June 23, 2014
Atlanta Custom Fabrication focuses on the commercial kitchen industry, mainly cutting thin stainless. Its laser cutting wasn't a constraint process, but it needed excess cutting capacity to deal with demand variability. A new fiber laser has helped to resolve the problem.
A properly functioning laser cutting machine is rarely a manufacturing constraint. It takes mere seconds to cut a part but minutes to bend and weld, and sometimes hours to put that part together into a complex assembly. But laser cutting needs to be reliable and provide enough excess capacity to be extremely responsive. If it can’t respond to a change order in time, it can starve downstream operations.
This was the challenge Atlanta Custom Fabricators faced, a company that fabricates commercial kitchen systems, a market in which last-minute scheduling and part geometry changes abound. Last year the company had one aging laser. It wasn’t the fastest, but it was certainly enough to satisfy downstream operations. Still, if a last-minute change or rush order was thrown into the mix, things could get complicated.
ACF has a steady stream of repeat customers. Visit a Waffle House in the Southeast and you’ll probably see stainless steel kitchen components made by the people at ACF. The company serves institutions like schools, prisons, and hospitals that often call for bids many months before actual construction. But it also does work for private businesses like restaurants that tend to hold on to funds and pull the trigger for an order at the latest possible moment. To compete, ACF’s fabrication equipment must be at the ready.
If you’ve walked innocently by the frozen dessert case at the grocery store and found your hand moving against your will toward an Edwards® cookies and cream pie, you can blame Julie Tidwell’s family. “Julie is an Edwards, and her grandfather actually started the Edwards Baking Co.”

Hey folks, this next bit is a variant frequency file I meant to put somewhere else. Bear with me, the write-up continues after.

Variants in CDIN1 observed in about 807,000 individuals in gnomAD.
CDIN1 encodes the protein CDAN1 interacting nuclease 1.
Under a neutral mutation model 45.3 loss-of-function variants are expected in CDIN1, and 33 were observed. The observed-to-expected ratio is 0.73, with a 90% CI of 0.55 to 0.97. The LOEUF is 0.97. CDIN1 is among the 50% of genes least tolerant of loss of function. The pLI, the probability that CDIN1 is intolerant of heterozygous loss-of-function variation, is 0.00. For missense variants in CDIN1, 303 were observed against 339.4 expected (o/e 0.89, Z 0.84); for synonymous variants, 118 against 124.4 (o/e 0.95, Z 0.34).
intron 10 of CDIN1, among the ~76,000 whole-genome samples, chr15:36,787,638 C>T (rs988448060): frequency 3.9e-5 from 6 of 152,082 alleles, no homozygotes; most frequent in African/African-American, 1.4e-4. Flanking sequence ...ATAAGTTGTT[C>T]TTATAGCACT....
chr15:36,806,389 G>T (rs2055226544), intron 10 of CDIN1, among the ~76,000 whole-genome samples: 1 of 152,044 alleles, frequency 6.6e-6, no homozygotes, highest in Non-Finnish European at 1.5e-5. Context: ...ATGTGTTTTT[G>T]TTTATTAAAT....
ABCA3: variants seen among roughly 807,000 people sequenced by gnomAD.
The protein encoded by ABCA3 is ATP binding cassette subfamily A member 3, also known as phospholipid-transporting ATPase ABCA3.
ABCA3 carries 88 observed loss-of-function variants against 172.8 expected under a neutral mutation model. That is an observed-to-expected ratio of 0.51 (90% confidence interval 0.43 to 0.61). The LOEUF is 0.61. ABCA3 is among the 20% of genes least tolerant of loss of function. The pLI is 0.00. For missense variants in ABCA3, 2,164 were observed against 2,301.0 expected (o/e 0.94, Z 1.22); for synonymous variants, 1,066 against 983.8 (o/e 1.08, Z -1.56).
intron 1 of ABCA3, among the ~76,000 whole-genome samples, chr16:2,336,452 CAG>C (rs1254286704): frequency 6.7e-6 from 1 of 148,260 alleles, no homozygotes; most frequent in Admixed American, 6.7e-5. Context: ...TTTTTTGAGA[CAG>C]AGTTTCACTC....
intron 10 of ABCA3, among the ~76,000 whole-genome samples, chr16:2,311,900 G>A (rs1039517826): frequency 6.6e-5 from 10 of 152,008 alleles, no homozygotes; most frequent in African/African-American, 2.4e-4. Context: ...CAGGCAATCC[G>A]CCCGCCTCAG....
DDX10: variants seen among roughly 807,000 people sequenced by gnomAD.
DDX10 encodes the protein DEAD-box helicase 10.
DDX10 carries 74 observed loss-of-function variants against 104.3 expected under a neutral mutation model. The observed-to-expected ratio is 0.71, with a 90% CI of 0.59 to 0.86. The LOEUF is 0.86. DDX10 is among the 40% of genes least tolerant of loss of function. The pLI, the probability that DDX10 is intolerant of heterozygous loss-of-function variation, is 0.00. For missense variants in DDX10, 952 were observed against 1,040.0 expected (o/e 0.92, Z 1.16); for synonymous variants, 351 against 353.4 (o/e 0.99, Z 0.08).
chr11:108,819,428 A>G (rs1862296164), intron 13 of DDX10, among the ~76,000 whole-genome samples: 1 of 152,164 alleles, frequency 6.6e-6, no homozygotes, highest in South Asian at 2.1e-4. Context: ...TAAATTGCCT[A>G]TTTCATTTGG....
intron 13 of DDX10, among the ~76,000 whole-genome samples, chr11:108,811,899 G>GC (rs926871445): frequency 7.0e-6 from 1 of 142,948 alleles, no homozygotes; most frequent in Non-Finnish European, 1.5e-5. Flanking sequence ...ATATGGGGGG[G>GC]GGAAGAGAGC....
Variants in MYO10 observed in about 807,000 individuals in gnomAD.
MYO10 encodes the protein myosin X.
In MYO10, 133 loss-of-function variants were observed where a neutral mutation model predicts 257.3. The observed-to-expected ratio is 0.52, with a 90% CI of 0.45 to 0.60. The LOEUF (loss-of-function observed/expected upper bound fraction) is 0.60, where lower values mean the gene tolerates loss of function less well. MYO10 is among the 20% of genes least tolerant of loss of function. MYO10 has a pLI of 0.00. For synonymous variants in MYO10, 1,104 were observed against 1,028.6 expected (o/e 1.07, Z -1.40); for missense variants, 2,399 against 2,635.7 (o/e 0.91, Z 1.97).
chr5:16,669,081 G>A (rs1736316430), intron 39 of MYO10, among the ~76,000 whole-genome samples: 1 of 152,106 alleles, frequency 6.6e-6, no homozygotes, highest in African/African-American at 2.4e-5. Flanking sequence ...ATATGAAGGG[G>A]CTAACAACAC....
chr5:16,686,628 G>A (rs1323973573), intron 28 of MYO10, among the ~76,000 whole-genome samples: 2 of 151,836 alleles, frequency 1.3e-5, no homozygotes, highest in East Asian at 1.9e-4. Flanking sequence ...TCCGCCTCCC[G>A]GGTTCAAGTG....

So said her brother-in-law Jack Tidwell, ACF’s vice president of purchasing, who with his brother (and Julie’s husband) Sam worked at the Edwards Baking Co. If you’re looking for people to blame for your dessert cravings, most of ACF’s management team is at least indirectly culpable.
When Sam, his wife Julie, and his brother Jack purchased the business in 2001 from Lewis and Pat Smith (family friends who were looking to retire), the firm went by the name Atlanta Kitchen Equipment and operated as a kitchen equipment dealer. Most dealerships in the commercial kitchen business work with custom fabricators to provide tables, shelving, and other custom products that go around washers, walk-in freezers, ovens, and other equipment provided by OEMs. Fabricators provide the custom metal products, OEMs provide the equipment, and dealers put it all together for the customer and often install the components at the construction site.
In 2001 Atlanta Kitchen Equipment was unusual because it also had a small custom fabrication operation that primarily supported the dealership, though it had limited sales to outside customers, including Lavista Equipment Supply (a Waffle House subsidiary that provides the chain’s kitchen equipment) and a few other dealers.
Less than a month after the Tidwells purchased the dealership came 9/11 and a nationwide economic downturn. This, along with a changing economy around Georgia, altered the commercial kitchen market. In the 1980s and 1990s, Georgia (and especially Atlanta) had so much commercial construction going on that the dealership rarely had to leave the state for more work. In the 2000s this began to change.
So they made the strategic decision to focus on metal fabrication. By 2005, when the company purchased its first laser, most of its work came from metal fabrication, and today all of it does. As a fabricator exclusively, ACF sells to dealers and institutions across the Southeast. And though still legally incorporated as Atlanta Kitchen Equipment, the company now does business as Atlanta Custom Fabricators.